Thus has become the ANZAC spirit; bold and ferocious in battle but Ö unwilling to bow to military discipline. To be an ANZAC is to hold headfast in battle, to die with a smile, and yet never to succumb to authority.

To be an Australian is to do your best for your family and country against all odds with not a small amount of disdain and irreverence for the authorities.
They shall not grow old,
As we that are left grow old.
Age shall not weary them,
Nor the years condemn.

At the going down of the sun,
And in the morning,
We will remember them.

For the Fallen, by Laurence Binyon
Lest we forget.

It was the birth of a nation, and one can only hope that this thought provided some comfort to the parents of the Anzac whose very Australian headstone stands where the first landing took place. It reads:

Died aged 18 near this spot
April 25, 1915
Did his best.

Phillip Knightley, Australia: A Biography of a Nation, 2000

The West Australians assumed that death was certain, and each in the secret places of his mind debated how he would go to it. Mate, having said goodbye to mate ... went forward to meet death instantly, running as straight and swiftly as they could at the Turkish rifles. With that regiment went the flower of the youth of Western Australia ...

War Historian C. Bean who was stationed at Gallipoli during WW1

The Australian soldier of legend was enterprising and independent, loyal, bold, egalitarian, cheerfully undisciplined and contemptuous of the class of British officers.

Blood, guts and the stuff of legend, SMH, 24 June 2005

Today is about compassion, about endurance against overwhelming odds, about mateship, it is about a 'fair go' - these are the values that were lived by our Anzacs and our Aussie boys on the Western Front and at Gallipoli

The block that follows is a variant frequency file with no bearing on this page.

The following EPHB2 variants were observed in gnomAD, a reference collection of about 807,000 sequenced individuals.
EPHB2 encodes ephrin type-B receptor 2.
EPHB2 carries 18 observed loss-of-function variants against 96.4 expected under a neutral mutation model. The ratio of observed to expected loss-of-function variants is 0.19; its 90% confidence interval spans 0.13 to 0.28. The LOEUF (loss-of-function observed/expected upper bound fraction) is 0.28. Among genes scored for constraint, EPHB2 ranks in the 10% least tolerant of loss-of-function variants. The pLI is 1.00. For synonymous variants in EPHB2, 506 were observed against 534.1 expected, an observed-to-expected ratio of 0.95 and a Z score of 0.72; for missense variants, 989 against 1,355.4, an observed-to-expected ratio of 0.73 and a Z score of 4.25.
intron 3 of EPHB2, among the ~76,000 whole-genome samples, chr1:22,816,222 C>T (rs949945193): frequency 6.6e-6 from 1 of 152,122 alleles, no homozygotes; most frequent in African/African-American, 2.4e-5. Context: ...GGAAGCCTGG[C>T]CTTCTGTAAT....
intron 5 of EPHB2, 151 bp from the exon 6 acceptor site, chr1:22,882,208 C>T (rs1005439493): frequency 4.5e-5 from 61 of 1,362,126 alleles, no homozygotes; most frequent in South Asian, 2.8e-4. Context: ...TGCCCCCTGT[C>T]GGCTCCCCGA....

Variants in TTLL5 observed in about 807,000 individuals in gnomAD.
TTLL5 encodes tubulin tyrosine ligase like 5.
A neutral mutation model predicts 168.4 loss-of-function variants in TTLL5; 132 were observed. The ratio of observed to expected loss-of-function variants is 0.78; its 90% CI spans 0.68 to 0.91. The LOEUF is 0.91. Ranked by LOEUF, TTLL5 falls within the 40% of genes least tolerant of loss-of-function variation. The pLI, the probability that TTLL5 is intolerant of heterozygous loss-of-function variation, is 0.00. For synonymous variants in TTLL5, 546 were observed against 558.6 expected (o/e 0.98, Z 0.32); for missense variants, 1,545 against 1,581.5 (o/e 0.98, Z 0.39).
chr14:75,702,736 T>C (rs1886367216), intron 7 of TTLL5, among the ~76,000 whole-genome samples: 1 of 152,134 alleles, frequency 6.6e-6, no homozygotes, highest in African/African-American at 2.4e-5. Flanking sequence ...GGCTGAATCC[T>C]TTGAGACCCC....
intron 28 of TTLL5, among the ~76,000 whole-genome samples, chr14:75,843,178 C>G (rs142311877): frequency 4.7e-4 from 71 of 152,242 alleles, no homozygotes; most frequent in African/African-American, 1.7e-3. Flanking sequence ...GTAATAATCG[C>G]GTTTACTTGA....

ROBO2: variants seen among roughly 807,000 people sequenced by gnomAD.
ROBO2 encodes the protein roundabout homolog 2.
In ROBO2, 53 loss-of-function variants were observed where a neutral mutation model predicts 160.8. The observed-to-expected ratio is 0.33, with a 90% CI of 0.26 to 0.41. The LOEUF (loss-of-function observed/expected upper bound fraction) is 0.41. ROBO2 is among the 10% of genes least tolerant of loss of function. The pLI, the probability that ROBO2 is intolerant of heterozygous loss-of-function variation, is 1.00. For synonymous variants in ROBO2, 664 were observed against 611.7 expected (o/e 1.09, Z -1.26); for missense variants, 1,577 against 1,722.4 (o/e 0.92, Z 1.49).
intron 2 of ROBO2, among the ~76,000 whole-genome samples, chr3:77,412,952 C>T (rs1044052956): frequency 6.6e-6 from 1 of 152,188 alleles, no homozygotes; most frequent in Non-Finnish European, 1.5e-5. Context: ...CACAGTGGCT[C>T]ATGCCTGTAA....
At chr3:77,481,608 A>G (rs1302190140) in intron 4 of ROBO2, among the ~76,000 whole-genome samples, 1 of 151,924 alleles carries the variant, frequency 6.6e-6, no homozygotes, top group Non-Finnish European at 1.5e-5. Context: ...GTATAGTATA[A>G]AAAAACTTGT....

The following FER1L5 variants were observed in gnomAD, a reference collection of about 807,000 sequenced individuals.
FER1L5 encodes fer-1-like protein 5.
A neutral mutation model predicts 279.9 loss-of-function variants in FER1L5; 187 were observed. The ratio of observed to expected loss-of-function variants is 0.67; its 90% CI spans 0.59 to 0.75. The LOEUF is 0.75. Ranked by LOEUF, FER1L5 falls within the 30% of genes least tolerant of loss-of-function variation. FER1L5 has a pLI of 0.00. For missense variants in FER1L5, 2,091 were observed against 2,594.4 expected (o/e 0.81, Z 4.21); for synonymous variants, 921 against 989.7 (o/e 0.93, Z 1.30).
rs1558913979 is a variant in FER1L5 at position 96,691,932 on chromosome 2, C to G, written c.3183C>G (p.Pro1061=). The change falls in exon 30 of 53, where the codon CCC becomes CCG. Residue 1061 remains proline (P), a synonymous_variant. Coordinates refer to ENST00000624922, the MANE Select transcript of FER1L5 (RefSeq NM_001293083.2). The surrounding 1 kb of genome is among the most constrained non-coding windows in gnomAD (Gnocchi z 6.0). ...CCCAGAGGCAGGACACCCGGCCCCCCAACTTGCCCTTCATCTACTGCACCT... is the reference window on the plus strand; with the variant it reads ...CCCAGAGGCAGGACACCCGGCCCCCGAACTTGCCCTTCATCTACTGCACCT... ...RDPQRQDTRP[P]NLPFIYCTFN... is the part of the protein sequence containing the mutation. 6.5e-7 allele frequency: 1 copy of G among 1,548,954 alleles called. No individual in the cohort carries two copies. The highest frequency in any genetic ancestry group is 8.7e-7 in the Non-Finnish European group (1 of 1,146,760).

NSW Veterans Affairs Minister Danna Vale, Sydney Morning Herald, Anzac Day 2002

Australian soldiers have always achieved successed out of all proportion to their numbers. It is just that these great victories were overlooked at the time and then later obscured by military historians.

Peter Firkins, The Australians in Nine Wars: Waikato to Long Tan.

We do not glorify war on Anzac Day. Far from it. We remember the dreadful loss of lives in the many gallant battles fought by those brave young men who stepped forward when called upon to serve their country. Nor are we agressive, but we believe in showing the future enemy that we are so determined to defend our shores that he should think twice before taking on the Sons of Anzac!

Sir Colin Hines, President, R.S.L. (NSW) 1977

It is a story of great valour under fire, unity of purpose and a willingness to fight against the odds that has helped to define what it means to be an Australian

Prime Minister John Howard, on the death of the last Anzac, Alec Cambell, Sydney Morning Herald, 17 May 2002

The British troops were suffering from 'an atrophy of mind and body that is appalling... The physique of those at Suvla is not to be compared with the Australians. Nor, indeed, is their intelligence... They are merely a lot of childlike youths without strength to endure or brains to improve their condition... After the first day at Suvla an order had to be issued to officers to shoot without mercy any soldiers who lagged behind or loitered in an advance... [By contrast] It is stirring to see them [the Australians].. they have the noble faces of men who have endured. Oh, if you could picture Anzac as I have seen it, you would find that to be an Australian is the greatest privilege the world has to offer'

Phillip Knightley quoting Keith Murdoch, father of Rupert, who wrote from Gallipoli in 1915.
Australia: A Biography of a Nation, 2000
Your boring me ,bye
The peasant bourgeoisie and their self righteous inclinations are the wests cancer!